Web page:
Some ad copy-testing lessons for content copy-testing

Copywriters of ads have long been wary of how well ad copy-testing works–and not just because, like the rest of us, they are sensitive to criticism of their work. Should the writers of informational digital-content copy also be wary of copy-testing? Do the problems with ad copy-testing apply to content copy-testing?

Even top researchers (e.g., Arthur Kover, Journal of Advertising Research, 1996, 36:2) have acknowledged that the ad copywriters had legitimate concerns about how well ad copy-editing can indicate which version of an ad will be more effective or even whether the copy needs improvement. Many of the copywriters’ concerns can be boiled down to two major concerns: the survey environment is (1) too distraction-free and (2) too rational compared to the environment where ads are consumed. Let’s look at the thinking behind those two concerns.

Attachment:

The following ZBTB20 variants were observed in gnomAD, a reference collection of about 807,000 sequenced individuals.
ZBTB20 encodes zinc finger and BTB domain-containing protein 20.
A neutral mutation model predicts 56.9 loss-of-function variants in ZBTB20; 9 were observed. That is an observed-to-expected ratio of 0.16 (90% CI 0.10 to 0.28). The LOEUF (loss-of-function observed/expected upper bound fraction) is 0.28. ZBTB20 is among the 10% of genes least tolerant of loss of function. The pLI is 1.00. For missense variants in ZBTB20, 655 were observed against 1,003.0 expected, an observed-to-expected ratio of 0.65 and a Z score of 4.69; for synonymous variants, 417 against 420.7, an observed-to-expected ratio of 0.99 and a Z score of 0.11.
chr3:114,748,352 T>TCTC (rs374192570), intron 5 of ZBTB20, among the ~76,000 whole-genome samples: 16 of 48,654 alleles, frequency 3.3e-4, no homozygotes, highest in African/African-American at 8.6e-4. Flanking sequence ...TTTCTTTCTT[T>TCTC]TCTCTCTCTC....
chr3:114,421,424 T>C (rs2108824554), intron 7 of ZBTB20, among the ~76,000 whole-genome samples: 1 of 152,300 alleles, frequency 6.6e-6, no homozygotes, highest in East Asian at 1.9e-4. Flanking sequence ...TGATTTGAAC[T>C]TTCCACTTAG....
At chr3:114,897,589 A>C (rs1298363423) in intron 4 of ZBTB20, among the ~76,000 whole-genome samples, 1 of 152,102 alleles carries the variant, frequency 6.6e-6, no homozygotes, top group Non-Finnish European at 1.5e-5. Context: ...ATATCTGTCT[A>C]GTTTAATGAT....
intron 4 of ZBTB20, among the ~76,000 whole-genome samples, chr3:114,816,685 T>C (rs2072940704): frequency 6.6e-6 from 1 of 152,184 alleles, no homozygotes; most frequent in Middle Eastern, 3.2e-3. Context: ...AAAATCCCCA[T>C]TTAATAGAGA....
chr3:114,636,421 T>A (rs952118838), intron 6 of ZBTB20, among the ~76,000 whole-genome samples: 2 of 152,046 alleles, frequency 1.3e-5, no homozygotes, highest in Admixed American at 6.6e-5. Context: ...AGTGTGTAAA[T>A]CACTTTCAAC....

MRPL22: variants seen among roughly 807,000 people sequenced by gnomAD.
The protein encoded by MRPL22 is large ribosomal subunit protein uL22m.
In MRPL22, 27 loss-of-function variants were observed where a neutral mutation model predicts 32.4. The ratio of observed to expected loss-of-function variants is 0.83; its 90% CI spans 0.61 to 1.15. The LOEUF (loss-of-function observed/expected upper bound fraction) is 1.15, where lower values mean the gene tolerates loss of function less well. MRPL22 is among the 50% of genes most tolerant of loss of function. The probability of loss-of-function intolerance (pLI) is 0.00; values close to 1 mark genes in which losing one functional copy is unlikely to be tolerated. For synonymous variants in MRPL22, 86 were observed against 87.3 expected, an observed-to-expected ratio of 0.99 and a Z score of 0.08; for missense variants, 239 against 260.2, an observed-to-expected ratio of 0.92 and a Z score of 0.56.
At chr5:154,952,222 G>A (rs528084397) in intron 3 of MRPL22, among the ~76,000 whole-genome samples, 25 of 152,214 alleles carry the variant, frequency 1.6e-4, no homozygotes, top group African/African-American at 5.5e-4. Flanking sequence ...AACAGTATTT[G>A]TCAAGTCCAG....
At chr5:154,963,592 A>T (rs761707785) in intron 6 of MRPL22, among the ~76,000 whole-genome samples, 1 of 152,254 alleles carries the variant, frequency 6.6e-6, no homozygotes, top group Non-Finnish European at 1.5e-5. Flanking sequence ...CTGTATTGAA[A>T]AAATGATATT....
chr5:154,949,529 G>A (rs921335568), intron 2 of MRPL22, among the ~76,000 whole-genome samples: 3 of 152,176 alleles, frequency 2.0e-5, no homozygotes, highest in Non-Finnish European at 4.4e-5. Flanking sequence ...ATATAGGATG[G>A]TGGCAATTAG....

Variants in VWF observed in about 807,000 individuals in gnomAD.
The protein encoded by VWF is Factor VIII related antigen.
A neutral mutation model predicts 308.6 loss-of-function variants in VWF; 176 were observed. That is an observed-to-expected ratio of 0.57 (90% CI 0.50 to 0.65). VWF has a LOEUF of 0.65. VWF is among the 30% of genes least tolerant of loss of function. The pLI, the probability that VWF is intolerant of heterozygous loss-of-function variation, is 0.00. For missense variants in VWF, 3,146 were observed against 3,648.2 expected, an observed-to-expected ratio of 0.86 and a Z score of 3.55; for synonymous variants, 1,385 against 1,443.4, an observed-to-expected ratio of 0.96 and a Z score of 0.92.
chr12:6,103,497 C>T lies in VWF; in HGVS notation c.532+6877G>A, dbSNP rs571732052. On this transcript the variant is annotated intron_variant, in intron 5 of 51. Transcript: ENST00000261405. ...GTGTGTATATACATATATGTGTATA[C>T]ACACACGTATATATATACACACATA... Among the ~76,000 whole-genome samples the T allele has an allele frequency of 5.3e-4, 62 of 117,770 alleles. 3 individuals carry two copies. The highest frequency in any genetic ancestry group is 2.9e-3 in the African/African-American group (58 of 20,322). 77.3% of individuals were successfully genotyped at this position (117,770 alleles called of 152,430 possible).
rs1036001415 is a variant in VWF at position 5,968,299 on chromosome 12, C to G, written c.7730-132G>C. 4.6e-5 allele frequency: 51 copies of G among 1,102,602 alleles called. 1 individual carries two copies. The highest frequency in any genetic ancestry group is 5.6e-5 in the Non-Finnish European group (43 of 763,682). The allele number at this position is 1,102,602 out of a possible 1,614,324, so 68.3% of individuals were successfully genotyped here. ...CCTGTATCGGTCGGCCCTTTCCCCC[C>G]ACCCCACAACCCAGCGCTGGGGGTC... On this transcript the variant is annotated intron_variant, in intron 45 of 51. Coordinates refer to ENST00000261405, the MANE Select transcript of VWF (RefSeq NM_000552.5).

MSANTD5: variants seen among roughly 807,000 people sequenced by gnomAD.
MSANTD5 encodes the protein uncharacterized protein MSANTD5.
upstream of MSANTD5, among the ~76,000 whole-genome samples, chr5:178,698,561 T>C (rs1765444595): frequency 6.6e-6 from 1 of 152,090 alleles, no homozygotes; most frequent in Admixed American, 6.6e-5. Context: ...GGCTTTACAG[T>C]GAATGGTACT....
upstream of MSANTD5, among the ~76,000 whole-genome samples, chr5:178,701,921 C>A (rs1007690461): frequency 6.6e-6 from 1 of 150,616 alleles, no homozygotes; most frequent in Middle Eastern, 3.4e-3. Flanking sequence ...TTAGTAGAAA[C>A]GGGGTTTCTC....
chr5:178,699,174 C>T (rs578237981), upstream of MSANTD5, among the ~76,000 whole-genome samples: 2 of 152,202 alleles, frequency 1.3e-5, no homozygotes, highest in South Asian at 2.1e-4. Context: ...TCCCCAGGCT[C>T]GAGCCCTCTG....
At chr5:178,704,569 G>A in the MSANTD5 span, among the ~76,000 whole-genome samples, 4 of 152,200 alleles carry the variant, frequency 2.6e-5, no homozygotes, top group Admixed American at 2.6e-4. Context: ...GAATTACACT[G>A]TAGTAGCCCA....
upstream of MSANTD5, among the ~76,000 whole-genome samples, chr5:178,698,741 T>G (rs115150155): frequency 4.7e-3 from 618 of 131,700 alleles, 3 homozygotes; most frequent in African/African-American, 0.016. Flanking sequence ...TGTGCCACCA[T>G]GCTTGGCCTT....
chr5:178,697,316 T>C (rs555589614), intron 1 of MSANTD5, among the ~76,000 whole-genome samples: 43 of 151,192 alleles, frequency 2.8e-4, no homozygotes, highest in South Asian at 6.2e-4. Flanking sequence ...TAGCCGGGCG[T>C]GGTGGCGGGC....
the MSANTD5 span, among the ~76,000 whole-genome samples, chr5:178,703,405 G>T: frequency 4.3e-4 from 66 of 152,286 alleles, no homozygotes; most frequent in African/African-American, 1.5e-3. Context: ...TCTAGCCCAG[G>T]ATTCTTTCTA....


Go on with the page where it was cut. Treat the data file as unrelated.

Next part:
• Copywriters have said that “the survey environment of copy-testing is too different from the distraction-filled environment in which the copy appears in real life.” This was unquestionably an issue when most of the copy being tested consisted of ads. In real life, ads often appear peripherally in cluttered settings or as undesired interruptions to the content people have opted to consume. So copywriters have to go to great lengths to make the interruption grab the attention of viewers. Early copy-testing methods rarely re-created these cluttered settings and, thus, underestimated the value of attention-getting ads. Later research methods partly solved this problem, by leading respondents to believe that they would be asked about the TV or magazine content they were to view (thus distracting respondents from the ads), but then asking them about the ads. Regardless, insufficient distraction is almost a non-issue when copy-testing digital content. In the real world, consumers opt to read digital content, usually by clicking a headline link or a link in an e-newsletter. This assures some level of attention will be given to the content. By the time the person has opted in, attention-getting has already been achieved (presumably by the content’s headline, which is less easy to test accurately via a survey). So survey pre-testing does not need to distract respondents away from the content, because respondents will generally not be distracted away from the digital content when consuming it in the real world.